Editor's Note: Congratulations to Sebastian Junger and Tim Hetherington for the Academy Award nomination for their documentary Restrepo. We spoke to Junger this summer about his deployment in Afghanistan's Korenga Valley, known as the deadliest place in Afghanistan at the time. Here is a look at the interview, again.
Filmmakers Sebastian Junger (left) and Tim Hetherington in 2007 at Outpost Restrepo—Korengal Valley, Kunar Province, Afghanistan. Photograph by Tim Hetherington
Bestselling author Sebastian Junger and photojournalist Tim Hetherington, both seasoned war reporters, have just released a powerful new documentary, Restrepo. In order to show the true experience of an American solider, the pair joined the men of Battle Company of the 173rd Airborne Brigade for a full deployment. It just so happened that the platoon got assigned to the Korengal Valley, a six-mile slit in the foothills of the Hindu Kush known as the deadliest place in Afghanistan. During their 14-month project, Hetherington broke his leg and Junger tore his Achilles and survived an IED attack. Both men could have easily been taken out during the almost daily firefights. But this isn't their story. The journalists remained far out of the frame to show the soldiers' experience. And unlike The Hurt Locker, this is real. At times devastating, at times playful, this story is very real. We spoke to Junger about making the film, dodging death, the McChrystal question, and what's needed next in Afghanistan. —Mary Anne Potts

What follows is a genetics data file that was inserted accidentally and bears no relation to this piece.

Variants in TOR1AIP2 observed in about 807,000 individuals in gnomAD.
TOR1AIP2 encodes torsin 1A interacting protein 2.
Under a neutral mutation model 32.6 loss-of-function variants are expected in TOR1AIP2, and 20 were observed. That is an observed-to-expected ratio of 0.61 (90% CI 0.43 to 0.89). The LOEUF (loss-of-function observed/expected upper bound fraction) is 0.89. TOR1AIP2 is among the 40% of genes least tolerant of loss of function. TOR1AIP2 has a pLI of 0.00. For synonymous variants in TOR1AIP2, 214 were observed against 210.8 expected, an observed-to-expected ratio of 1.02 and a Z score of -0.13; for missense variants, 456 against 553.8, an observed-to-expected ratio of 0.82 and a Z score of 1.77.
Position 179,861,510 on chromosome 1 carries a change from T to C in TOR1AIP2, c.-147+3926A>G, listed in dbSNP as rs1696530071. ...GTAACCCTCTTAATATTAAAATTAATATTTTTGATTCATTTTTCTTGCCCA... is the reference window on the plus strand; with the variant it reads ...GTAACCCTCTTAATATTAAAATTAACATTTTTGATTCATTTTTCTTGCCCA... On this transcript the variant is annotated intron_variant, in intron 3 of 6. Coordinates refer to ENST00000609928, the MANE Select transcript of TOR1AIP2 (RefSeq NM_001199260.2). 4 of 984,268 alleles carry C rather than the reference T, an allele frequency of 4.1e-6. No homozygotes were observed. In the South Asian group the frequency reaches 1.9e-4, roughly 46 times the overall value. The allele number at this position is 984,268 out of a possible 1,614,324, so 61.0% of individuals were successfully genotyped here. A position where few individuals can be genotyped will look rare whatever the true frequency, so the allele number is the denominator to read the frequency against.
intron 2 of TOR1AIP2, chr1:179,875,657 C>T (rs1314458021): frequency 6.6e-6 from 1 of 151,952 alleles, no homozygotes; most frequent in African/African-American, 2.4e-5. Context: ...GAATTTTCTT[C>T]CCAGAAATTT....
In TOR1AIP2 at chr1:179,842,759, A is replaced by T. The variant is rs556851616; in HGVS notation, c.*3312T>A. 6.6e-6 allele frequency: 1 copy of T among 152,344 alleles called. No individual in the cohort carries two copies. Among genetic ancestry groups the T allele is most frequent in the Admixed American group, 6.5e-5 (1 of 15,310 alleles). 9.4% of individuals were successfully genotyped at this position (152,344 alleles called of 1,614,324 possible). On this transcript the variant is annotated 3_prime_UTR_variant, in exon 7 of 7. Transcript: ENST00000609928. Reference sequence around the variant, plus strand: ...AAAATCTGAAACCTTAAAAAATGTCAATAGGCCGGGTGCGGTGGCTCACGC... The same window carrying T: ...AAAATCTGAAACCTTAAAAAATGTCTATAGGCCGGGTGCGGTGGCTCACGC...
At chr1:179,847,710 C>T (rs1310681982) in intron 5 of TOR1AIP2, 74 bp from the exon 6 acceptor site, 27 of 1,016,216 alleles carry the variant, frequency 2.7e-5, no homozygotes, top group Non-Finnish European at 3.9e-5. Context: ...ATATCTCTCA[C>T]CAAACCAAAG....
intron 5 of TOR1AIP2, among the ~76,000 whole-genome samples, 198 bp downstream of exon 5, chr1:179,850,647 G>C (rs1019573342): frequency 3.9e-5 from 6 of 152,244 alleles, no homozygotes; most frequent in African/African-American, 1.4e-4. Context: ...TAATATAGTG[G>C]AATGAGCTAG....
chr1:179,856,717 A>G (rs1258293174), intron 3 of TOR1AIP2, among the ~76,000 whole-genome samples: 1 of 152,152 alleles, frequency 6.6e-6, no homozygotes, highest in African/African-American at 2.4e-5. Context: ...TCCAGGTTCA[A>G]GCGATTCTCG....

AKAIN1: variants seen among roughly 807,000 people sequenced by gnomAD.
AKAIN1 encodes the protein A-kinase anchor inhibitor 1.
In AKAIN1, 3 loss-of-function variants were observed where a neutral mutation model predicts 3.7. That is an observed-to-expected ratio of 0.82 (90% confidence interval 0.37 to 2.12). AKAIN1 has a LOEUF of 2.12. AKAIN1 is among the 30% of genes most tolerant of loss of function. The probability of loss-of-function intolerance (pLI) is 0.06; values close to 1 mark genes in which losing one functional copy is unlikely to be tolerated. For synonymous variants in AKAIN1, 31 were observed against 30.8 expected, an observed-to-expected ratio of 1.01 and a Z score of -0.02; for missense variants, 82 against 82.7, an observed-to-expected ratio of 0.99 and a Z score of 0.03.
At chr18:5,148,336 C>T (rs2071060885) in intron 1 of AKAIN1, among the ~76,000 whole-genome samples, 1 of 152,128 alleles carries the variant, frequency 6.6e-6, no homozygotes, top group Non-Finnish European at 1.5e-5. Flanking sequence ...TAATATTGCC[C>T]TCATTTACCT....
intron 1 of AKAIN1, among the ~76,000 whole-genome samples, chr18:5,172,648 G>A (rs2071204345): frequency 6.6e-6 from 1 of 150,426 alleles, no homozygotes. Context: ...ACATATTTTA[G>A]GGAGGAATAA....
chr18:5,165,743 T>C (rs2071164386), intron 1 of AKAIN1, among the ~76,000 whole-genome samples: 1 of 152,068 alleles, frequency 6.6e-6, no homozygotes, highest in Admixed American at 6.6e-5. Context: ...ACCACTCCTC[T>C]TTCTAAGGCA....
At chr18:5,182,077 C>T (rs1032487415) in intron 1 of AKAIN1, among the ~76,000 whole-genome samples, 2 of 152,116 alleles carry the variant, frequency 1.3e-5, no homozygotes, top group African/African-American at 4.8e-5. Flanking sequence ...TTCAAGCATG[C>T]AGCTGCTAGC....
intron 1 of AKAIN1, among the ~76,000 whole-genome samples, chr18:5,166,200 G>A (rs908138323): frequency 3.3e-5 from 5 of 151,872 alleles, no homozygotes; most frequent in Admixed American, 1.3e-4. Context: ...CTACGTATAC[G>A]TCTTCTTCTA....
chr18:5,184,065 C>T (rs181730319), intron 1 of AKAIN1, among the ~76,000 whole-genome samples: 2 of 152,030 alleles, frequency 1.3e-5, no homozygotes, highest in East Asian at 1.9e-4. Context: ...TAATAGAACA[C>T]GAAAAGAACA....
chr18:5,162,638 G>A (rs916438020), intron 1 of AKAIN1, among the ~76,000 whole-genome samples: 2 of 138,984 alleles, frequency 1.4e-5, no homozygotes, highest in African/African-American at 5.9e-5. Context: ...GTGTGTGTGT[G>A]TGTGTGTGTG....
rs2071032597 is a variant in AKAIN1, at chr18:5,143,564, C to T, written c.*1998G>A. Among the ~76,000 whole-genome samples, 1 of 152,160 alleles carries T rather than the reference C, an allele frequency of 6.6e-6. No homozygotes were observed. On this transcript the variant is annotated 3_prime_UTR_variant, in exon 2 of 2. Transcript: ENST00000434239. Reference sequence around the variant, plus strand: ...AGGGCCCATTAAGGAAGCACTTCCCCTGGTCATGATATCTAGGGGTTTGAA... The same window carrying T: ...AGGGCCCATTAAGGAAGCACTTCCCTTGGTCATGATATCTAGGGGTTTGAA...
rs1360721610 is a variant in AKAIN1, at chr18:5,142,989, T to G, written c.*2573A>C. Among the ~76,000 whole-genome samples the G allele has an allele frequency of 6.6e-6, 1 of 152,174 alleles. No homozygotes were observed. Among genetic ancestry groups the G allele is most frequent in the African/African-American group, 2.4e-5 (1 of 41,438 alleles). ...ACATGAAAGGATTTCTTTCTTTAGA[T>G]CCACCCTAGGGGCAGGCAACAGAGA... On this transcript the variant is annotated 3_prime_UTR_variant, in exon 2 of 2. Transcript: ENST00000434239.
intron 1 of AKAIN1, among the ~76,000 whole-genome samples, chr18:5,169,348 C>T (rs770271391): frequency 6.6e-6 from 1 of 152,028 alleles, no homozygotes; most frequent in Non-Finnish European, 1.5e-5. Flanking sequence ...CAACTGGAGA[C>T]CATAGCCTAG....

You've been reporting from Afghanistan since 1996. Why do you keep going back?
In 2001, it was an easy win. The Afghan people were, for he most part, incredibly grateful to be rid of the Taliban. And it looked like the story was over. And then, I think, we didn’t leave enough troops there, and we moved on to Iraq, and the war got worse and worse. By 2005 I thought, O.K., since we are going to be there for so long, I want to know what it’s like to be a solider in the U.S. military. I was with Battle Company of the 173rd in Zabol province in 2005, and I was really amazed by those guys. It was my first experience with the U.S. military. I decided that if they went back to Afghanistan, I wanted to do a project that shows what it is like to be a soldier in combat in the U.S. military. I wanted to be with a platoon for a full deployment—a platoon is about 35 men. So they went back to Afghanistan in 2007, and I followed them there about a week or two later.
What made you decide to shoot your first documentary in the Korengal Valley, which was known as the deadliest place in Afghanistan for the intense, frequent fighting that occurred there?
I didn’t know it would be. I was going over there because Battle Company was there. I had never heard of the Korengal Valley before. They hadn’t either. It just happened to be a very violent place.